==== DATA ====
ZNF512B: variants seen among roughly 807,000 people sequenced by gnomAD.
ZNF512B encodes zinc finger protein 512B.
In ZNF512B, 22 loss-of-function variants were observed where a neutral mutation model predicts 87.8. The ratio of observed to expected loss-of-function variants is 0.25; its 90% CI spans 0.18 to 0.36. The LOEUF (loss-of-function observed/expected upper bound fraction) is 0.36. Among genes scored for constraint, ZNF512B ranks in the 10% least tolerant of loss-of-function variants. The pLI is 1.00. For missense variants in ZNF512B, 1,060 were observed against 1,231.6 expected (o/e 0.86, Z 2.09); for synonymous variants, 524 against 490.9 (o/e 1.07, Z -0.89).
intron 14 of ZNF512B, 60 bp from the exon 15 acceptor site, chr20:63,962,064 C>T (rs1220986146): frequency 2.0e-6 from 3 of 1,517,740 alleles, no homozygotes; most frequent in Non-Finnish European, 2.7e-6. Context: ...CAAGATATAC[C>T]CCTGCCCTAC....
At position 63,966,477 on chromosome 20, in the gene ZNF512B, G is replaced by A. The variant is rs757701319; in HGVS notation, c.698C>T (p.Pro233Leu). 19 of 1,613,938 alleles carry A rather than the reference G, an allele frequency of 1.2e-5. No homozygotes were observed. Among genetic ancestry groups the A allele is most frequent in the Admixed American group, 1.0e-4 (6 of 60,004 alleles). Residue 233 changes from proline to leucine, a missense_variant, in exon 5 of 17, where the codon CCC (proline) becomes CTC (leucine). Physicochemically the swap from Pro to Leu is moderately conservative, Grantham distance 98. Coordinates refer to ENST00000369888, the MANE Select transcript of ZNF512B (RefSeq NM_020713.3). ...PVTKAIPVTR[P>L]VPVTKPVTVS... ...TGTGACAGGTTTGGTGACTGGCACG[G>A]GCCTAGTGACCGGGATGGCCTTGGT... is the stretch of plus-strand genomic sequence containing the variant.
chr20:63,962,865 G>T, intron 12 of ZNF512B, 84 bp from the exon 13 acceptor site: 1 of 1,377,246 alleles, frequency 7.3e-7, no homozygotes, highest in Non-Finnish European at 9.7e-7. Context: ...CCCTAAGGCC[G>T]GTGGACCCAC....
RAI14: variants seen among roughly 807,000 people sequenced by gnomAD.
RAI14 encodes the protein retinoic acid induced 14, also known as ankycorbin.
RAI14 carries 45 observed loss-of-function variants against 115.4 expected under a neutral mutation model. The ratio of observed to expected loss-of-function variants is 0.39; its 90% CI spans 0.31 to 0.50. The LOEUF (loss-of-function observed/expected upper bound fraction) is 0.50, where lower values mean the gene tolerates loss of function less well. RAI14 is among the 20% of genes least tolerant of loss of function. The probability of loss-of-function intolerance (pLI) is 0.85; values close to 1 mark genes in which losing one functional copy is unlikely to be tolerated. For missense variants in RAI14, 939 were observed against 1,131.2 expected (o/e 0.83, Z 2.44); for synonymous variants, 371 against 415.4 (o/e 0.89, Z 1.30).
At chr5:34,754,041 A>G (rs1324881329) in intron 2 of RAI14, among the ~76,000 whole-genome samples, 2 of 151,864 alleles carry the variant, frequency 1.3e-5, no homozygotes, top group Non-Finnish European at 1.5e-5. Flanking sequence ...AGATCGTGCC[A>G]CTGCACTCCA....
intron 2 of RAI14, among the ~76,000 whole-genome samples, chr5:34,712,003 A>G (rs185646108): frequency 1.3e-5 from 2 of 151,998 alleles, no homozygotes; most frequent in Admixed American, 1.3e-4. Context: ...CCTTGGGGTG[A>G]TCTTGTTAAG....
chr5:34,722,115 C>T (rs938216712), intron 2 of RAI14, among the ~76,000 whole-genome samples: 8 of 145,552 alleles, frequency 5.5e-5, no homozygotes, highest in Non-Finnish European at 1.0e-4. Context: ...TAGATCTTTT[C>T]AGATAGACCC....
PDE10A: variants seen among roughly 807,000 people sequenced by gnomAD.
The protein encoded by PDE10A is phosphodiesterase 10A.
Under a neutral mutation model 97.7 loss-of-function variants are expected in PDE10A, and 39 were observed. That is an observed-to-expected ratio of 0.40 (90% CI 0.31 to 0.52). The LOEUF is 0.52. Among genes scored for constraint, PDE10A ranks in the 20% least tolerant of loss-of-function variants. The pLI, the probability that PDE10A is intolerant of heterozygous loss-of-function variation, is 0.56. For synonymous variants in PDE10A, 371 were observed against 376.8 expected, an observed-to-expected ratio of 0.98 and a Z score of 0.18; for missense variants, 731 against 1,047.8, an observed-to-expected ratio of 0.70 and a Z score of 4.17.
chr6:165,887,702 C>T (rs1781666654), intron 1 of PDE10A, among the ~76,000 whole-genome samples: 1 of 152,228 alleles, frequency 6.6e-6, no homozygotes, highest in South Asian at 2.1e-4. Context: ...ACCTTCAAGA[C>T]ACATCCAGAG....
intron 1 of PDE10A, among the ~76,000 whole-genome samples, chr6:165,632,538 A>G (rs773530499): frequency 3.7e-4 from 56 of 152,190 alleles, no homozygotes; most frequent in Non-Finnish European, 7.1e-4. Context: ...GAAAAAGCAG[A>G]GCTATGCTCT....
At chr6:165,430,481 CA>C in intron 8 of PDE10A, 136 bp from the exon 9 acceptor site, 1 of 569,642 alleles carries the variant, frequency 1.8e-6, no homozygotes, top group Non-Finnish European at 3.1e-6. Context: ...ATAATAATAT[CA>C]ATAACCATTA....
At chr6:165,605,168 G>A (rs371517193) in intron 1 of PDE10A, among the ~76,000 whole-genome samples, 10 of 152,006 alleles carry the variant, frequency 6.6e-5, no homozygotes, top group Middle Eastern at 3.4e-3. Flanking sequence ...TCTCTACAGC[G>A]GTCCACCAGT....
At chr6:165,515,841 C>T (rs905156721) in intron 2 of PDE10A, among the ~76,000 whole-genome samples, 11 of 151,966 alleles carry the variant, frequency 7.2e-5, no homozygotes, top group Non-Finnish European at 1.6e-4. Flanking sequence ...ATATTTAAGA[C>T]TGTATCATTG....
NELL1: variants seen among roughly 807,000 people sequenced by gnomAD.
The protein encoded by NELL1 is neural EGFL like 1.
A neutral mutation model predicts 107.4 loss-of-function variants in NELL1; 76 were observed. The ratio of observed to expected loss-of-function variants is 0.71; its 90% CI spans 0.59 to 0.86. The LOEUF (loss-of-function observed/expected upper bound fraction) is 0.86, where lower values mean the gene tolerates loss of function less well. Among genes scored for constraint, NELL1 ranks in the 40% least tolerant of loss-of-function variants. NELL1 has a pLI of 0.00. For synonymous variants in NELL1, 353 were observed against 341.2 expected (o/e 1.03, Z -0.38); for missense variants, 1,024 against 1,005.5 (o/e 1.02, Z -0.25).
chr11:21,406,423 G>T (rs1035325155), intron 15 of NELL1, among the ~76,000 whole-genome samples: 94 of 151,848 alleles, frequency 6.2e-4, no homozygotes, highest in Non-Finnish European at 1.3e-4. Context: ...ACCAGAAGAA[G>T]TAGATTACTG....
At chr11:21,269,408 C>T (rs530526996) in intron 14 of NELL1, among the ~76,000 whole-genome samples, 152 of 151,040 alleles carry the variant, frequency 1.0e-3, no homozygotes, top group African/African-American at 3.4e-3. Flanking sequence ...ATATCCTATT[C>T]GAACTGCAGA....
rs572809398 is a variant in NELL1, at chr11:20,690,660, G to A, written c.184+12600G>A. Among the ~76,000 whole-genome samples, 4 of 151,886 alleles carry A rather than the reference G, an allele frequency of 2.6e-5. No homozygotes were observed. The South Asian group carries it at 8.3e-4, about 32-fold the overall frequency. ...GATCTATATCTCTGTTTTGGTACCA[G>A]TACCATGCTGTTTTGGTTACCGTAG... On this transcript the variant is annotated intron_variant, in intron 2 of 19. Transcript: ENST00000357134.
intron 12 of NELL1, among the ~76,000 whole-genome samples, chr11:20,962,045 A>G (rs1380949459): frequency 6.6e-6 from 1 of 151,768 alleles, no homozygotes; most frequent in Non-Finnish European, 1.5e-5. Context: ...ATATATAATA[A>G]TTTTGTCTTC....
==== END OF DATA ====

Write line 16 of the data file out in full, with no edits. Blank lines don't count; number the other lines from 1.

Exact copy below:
chr6:165,887,702 C>T (rs1781666654), intron 1 of PDE10A, among the ~76,000 whole-genome samples: 1 of 152,228 alleles, frequency 6.6e-6, no homozygotes, highest in South Asian at 2.1e-4. Context: ...ACCTTCAAGA[C>T]ACATCCAGAG....